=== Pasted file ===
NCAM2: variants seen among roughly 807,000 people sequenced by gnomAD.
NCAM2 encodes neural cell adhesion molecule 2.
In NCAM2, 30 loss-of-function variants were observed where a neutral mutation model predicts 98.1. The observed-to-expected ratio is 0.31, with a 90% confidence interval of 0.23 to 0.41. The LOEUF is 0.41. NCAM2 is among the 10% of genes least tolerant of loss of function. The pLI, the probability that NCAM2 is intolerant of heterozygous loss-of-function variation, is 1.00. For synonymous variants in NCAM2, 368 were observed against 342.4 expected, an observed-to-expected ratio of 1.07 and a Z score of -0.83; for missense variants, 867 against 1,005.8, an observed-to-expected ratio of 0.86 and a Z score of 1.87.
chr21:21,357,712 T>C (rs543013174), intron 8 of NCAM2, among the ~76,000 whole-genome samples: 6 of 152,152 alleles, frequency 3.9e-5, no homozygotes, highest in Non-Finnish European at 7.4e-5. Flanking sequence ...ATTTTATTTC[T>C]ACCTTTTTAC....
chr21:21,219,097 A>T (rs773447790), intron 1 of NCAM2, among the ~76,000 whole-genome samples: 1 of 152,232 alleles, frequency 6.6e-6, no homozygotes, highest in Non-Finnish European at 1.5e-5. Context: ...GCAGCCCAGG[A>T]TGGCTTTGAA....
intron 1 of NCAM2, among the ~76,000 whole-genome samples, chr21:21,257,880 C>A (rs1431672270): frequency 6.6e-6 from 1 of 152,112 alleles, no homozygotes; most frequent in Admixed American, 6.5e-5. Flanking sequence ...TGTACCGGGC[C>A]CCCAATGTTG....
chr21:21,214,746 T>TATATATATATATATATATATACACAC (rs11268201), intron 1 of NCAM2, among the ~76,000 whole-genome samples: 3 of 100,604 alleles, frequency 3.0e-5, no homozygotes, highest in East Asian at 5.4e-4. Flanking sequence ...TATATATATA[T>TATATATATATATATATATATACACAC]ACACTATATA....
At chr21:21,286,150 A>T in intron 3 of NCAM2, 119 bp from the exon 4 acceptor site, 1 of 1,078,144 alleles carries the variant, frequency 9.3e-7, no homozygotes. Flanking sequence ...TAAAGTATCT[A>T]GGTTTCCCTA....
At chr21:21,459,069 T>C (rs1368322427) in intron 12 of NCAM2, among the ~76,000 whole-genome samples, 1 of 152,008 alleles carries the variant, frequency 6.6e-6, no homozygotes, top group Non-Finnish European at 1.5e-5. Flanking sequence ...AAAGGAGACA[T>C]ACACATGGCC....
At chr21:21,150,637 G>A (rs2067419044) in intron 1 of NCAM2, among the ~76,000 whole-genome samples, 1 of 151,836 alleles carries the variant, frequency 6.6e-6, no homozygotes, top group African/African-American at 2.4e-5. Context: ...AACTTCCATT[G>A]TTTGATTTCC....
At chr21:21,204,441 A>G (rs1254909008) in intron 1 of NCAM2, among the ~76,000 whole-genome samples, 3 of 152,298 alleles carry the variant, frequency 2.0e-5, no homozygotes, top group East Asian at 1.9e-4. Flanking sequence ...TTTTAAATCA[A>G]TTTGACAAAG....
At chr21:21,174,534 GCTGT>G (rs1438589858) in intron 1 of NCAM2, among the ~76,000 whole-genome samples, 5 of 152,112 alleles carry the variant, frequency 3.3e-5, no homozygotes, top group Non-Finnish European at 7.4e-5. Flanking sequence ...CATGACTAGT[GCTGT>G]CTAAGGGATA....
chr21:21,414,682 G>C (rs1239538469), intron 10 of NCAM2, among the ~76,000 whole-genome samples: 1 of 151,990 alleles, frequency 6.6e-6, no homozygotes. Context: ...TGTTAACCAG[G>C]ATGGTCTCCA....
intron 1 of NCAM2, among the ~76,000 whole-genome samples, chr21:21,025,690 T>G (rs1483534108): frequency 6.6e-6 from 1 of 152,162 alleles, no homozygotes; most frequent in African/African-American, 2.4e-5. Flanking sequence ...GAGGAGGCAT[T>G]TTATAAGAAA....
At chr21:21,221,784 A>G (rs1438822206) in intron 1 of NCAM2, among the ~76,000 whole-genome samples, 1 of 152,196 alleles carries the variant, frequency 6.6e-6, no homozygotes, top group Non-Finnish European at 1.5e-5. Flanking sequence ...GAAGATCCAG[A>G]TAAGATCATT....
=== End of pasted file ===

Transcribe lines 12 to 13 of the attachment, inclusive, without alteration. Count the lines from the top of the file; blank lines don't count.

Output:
At chr21:21,174,534 GCTGT>G (rs1438589858) in intron 1 of NCAM2, among the ~76,000 whole-genome samples, 5 of 152,112 alleles carry the variant, frequency 3.3e-5, no homozygotes, top group Non-Finnish European at 7.4e-5. Flanking sequence ...CATGACTAGT[GCTGT>G]CTAAGGGATA....
chr21:21,414,682 G>C (rs1239538469), intron 10 of NCAM2, among the ~76,000 whole-genome samples: 1 of 151,990 alleles, frequency 6.6e-6, no homozygotes. Context: ...TGTTAACCAG[G>C]ATGGTCTCCA....